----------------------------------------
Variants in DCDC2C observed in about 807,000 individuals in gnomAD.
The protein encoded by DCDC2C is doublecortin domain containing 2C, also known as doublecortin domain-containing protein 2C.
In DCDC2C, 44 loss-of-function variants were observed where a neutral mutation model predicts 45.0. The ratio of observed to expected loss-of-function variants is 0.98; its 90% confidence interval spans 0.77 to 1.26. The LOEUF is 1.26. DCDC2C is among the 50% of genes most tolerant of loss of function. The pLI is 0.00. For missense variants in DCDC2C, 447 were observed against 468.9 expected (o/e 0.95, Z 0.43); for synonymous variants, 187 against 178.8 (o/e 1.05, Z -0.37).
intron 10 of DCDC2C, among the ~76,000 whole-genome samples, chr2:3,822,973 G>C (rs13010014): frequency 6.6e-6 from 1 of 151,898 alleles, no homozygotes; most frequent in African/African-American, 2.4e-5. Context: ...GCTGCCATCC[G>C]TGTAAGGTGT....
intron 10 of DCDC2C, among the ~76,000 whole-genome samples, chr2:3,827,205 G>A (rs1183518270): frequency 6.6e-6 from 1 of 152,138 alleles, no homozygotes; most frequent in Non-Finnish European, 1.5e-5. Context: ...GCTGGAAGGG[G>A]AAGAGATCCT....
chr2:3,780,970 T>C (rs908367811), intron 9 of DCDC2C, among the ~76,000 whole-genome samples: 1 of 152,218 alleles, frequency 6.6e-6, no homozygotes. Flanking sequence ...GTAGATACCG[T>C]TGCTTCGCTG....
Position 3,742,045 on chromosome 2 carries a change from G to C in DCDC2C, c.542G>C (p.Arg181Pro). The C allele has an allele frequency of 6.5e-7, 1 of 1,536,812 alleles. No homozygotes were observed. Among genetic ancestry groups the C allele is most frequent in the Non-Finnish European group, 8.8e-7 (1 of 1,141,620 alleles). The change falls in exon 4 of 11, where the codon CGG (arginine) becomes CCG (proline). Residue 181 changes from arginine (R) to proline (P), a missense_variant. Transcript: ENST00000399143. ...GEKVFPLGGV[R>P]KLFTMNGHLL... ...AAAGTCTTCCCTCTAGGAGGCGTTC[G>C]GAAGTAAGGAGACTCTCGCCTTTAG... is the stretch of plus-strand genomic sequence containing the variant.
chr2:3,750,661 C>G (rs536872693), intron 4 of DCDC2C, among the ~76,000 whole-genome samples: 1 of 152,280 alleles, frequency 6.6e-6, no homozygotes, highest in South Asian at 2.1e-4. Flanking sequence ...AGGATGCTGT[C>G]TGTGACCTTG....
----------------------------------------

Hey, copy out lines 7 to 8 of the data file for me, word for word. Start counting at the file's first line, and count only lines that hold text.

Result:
Position 3,742,045 on chromosome 2 carries a change from G to C in DCDC2C, c.542G>C (p.Arg181Pro). The C allele has an allele frequency of 6.5e-7, 1 of 1,536,812 alleles. No homozygotes were observed. Among genetic ancestry groups the C allele is most frequent in the Non-Finnish European group, 8.8e-7 (1 of 1,141,620 alleles). The change falls in exon 4 of 11, where the codon CGG (arginine) becomes CCG (proline). Residue 181 changes from arginine (R) to proline (P), a missense_variant. Transcript: ENST00000399143. ...GEKVFPLGGV[R>P]KLFTMNGHLL... ...AAAGTCTTCCCTCTAGGAGGCGTTC[G>C]GAAGTAAGGAGACTCTCGCCTTTAG... is the stretch of plus-strand genomic sequence containing the variant.
chr2:3,750,661 C>G (rs536872693), intron 4 of DCDC2C, among the ~76,000 whole-genome samples: 1 of 152,280 alleles, frequency 6.6e-6, no homozygotes, highest in South Asian at 2.1e-4. Flanking sequence ...AGGATGCTGT[C>G]TGTGACCTTG....